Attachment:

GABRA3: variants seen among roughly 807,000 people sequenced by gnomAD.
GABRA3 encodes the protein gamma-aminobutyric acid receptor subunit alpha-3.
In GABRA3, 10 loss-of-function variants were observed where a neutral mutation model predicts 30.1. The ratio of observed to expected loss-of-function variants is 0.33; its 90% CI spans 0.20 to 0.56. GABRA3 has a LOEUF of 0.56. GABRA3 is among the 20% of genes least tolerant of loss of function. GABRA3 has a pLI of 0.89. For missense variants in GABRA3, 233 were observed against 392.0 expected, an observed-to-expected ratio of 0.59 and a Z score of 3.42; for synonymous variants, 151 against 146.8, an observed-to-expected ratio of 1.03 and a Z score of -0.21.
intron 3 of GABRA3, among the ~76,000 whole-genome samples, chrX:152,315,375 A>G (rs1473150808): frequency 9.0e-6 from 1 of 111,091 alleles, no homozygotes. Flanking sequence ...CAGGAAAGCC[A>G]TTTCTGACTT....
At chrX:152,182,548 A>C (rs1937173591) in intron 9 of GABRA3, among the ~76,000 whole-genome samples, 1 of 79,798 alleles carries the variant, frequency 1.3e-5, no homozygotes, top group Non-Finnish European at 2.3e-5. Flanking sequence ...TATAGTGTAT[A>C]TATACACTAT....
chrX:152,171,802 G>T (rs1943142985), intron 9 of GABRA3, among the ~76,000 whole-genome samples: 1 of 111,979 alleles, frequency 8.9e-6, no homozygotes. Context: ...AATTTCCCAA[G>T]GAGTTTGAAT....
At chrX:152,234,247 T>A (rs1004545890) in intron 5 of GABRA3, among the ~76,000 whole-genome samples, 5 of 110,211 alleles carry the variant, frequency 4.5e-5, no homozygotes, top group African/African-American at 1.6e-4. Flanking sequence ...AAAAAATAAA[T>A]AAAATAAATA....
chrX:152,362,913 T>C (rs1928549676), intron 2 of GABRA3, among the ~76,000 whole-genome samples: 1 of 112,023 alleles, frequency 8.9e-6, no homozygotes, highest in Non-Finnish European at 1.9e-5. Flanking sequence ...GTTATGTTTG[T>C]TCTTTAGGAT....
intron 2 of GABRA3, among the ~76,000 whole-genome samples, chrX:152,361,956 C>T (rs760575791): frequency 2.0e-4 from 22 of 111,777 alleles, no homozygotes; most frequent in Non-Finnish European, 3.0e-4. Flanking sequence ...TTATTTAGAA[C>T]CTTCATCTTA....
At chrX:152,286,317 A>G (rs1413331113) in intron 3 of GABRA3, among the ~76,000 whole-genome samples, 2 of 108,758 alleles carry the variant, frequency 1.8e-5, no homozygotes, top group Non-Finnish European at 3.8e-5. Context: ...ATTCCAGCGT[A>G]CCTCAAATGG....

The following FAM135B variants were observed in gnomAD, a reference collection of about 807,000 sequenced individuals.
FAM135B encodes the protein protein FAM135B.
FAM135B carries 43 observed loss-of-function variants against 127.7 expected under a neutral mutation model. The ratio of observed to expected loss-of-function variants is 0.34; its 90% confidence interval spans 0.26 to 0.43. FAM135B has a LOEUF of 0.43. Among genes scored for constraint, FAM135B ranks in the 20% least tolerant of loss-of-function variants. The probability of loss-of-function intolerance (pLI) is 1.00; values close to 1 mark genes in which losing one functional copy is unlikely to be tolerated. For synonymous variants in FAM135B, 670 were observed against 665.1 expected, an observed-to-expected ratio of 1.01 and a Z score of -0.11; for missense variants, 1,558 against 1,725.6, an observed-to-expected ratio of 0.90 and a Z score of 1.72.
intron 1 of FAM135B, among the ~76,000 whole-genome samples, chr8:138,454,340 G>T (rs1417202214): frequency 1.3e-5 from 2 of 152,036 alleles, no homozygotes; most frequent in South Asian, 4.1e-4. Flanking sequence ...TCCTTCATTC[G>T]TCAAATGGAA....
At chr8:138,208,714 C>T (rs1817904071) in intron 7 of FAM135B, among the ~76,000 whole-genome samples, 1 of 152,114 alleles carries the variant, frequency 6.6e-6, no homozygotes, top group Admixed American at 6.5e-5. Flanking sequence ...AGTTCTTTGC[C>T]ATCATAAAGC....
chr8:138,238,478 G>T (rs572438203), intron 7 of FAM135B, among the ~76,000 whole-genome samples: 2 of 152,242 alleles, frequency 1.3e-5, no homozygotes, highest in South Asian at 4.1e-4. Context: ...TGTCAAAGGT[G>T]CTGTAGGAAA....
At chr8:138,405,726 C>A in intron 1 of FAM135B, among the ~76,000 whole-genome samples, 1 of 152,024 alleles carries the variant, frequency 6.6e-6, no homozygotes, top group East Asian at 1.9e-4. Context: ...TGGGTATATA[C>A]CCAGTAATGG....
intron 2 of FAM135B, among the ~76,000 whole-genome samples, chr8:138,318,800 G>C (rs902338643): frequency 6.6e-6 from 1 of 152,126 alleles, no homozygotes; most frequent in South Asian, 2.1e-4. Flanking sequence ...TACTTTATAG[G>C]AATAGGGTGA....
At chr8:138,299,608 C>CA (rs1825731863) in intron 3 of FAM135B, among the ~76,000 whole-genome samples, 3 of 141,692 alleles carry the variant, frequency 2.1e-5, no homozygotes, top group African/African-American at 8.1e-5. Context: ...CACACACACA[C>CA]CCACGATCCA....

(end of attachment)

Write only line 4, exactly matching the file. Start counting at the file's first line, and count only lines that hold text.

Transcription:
intron 3 of GABRA3, among the ~76,000 whole-genome samples, chrX:152,315,375 A>G (rs1473150808): frequency 9.0e-6 from 1 of 111,091 alleles, no homozygotes. Flanking sequence ...CAGGAAAGCC[A>G]TTTCTGACTT....